Sen. the Hon. Ron Redhead: Mr. President, with your guidance I would like to find out – are there chances and opportunities to ask follow up questions on any questions?
Mr. President: Yes.
Sen. the Hon. Ron Redhead: Well, Mr. President, in relation to part (c) and part (d) a simple yes or no in my view would have sufficed, but I would just like to know whether or not the FIU or a financial audit was conducted for these periods, that’s part (c), and in relation to part (d), a simple yes or no again, we would just like to know, Mr. President, whether or not the FIU investigated the Marketing Board during these periods?
Sen. the Hon. Simon Stiell: Mr. President, I answered, I responded to both of those questions and I stand by the answers that were provided.
Sen. the Hon. Ron Redhead: Yes, well Mr. President, I am reminded that. Mr. President, question 2, part (a): Would the Leader of Government’s Business inform the Senate on the terms of the current oil and gas exploration arrangement or contract with Global Petroleum Group and are any other partners involved with oil and gas explorations in Grenada’s waters?
Part (b) to the same question, question 2, what economic benefits does Grenada stand to gain from the current oil and gas exploration or arrangement or contract with GPG and or any other entity?
Part (c), would Grenada be compensated for loss and or damage to the environment and marine life arising from any event connected with the ongoing exploration?
Mr. President: Senator Stiell.
Sen. the Hon. Simon Stiell: Mr. President, in response to part (a) the Global Petroleum Group (GPG) has a twenty (20) year development license to develop four (4) blocks in Grenadian waters. GPG has partnered with a Chinese company Guangzhou to make the two million ($2m), two billion US dollar ($2B) investment required to extract the petroleum in the subsea areas and sell to the National Gas Company (NGC) of Trinidad and Tobago which necessitates the construction of a pipeline between the point of extraction, (if not maybe two), in the Grenadian waters to an existing platform in Trinidadian waters.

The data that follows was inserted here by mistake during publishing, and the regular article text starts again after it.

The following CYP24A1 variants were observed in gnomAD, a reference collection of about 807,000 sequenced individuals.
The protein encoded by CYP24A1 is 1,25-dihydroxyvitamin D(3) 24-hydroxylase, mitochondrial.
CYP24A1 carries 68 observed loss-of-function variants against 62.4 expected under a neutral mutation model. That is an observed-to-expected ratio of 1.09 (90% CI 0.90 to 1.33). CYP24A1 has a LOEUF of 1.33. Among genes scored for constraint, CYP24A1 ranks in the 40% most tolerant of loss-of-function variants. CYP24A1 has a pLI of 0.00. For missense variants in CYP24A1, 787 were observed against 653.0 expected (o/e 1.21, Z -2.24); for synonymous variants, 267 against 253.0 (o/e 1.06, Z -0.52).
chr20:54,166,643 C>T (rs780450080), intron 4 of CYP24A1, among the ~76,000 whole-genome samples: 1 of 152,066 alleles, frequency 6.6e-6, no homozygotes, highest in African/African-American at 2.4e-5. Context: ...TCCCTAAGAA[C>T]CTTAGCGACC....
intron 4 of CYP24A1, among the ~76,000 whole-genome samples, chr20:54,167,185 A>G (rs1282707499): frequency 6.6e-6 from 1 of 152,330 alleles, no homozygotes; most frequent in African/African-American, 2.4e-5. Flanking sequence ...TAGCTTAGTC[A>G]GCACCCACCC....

Over the period of the license, all viable wells in the four Blocks already identified will be developed. Viability depends on, among other things, on the world price of petroleum products at that point in time. Seismic surveys are also being undertaken in another four blocks, this will lead to exploration and possible development based on the results of the survey.
In response to (b) the economic benefits; Mr. President, at this early stage in the exploration process, with a need for significant production and development investment and subject to the price of oil and gas rising to acceptable levels on the world market, to ensure commercial viability, it’s not possible to quantify the specific benefits that will be derived.
Caution must therefore be used at this time in making forward predictions. However it is anticipated that with favourable geological seismic and commercial conditions, Grenada stands to gain significantly from the returns and reinvestment in the areas of Agriculture, especially value-added as Government will be able to invest in plants and equipment, ICT technology, bringing jobs to our youthful population, reductions in the price of electricity, energy that will spur foreign direct investment and economic growth and more opportunities in education for our people.
In response to (c) Would Grenada be compensated for loss or damage to the environment, etc. The Petroleum and Natural Gas Deposit Act and Regulations under which exploration development takes place makes provision for the insurance against accidents and sets the standard for environmentally sensitive operations. The insurance must be to the satisfaction of the State and meet international standards.